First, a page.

The Man Who Ate the Zoo: Frank Buckland, forgotten hero of natural history 
'A rollicking ride thorugh eccentric Victorian England' - The Times
'A brilliantly entertaining biography' - The Economist
Frank Buckland was an extraordinary man - surgeon, natural historian, popular lecturer, bestselling writer, museum curator, and a conservationist before the concept even existed. Eccentric, revolutionary, prolific, he was one of the nineteenth century's most improbable geniuses.
His lifelong passion was to discover new ways to feed the hungry. Rhinoceros, crocodile, puppy-dog, giraffe, kangaroo, bear and panther all had their chance to impress, but what finally - and, eventually, fatally - obsessed him was fish.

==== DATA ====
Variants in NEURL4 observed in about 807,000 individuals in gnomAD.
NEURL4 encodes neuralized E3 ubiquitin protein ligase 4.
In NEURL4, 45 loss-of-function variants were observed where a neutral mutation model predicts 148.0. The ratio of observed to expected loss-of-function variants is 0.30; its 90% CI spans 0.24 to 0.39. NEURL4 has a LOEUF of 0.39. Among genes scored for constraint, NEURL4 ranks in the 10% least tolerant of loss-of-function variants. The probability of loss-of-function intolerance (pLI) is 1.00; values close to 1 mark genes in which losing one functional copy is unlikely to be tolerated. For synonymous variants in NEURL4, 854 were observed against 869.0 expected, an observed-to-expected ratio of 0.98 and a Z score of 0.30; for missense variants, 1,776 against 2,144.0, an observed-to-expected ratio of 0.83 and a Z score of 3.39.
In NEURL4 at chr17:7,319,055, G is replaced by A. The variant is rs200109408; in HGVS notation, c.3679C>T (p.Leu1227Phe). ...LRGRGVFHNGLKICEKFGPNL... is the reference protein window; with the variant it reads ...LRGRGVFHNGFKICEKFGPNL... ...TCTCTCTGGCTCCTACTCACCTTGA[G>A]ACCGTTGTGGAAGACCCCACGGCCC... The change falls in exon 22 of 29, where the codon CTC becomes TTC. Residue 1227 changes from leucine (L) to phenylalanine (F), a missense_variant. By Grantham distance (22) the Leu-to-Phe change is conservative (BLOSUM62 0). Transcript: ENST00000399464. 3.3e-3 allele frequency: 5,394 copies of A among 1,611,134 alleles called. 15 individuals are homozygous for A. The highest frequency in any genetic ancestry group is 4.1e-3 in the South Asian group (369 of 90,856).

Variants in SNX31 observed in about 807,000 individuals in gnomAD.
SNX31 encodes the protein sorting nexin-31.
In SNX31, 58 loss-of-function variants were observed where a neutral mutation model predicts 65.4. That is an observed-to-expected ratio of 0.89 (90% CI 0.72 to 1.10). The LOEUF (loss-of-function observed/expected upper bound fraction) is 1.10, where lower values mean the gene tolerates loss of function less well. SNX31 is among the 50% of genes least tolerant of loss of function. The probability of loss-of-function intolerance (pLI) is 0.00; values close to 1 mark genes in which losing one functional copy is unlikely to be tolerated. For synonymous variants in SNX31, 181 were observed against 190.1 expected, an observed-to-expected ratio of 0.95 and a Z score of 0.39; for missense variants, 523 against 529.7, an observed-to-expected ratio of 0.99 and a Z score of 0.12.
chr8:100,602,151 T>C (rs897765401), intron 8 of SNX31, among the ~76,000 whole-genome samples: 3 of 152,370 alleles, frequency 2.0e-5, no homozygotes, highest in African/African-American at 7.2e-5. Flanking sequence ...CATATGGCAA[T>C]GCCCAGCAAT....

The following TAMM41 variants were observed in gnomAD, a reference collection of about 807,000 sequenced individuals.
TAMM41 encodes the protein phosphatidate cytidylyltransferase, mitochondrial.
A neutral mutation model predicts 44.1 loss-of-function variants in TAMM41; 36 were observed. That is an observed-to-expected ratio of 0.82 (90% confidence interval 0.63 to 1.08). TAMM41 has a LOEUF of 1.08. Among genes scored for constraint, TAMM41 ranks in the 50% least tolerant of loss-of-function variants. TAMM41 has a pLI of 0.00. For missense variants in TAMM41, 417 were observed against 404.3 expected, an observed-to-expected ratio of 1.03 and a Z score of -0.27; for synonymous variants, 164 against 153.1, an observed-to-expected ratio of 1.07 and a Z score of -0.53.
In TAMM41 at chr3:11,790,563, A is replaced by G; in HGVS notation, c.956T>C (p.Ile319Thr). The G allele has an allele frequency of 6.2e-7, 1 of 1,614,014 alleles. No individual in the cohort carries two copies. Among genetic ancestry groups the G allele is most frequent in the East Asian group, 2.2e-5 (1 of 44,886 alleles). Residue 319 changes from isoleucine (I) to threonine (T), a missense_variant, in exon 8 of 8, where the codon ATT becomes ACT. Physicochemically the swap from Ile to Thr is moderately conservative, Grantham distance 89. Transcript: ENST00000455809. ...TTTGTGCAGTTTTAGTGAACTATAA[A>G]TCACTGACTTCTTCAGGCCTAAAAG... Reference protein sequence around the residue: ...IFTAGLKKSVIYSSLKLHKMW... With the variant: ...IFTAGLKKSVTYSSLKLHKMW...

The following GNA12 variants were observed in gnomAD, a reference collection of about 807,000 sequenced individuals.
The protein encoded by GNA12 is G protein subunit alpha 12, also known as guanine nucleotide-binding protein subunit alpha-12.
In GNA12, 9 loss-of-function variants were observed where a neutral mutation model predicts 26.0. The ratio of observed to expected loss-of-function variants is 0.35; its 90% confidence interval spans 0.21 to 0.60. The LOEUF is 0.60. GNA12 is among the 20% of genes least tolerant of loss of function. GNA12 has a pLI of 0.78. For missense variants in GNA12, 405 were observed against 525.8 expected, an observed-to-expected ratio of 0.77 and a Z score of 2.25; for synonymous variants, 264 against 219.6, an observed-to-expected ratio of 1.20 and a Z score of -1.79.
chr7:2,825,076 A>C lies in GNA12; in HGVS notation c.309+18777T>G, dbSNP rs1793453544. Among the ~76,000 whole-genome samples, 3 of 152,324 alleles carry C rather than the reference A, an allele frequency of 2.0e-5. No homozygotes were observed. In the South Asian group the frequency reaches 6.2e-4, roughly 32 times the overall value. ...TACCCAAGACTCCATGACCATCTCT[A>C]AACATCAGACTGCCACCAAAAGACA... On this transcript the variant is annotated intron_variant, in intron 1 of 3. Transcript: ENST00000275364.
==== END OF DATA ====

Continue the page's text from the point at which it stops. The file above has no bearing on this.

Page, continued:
Forgotten now, he was one of the most original, far-sighted and influential natural scientists of his time, held as high in public esteem as his great philosophical enemy, Charles Darwin.
AUTHOR: Richard Girling is an award-winning environmental journalist. For his work in the Sunday Times he was named Specialist Writer of the Year in the UK Press Awards in 2002, and was shortlisted for the same award in 2005 and 2006. He was Journalist of the Year at the Press Gazette Environmental Press Awards in 2008 and 2009. He has written seven books - most recently, The Hunt for the Golden Mole.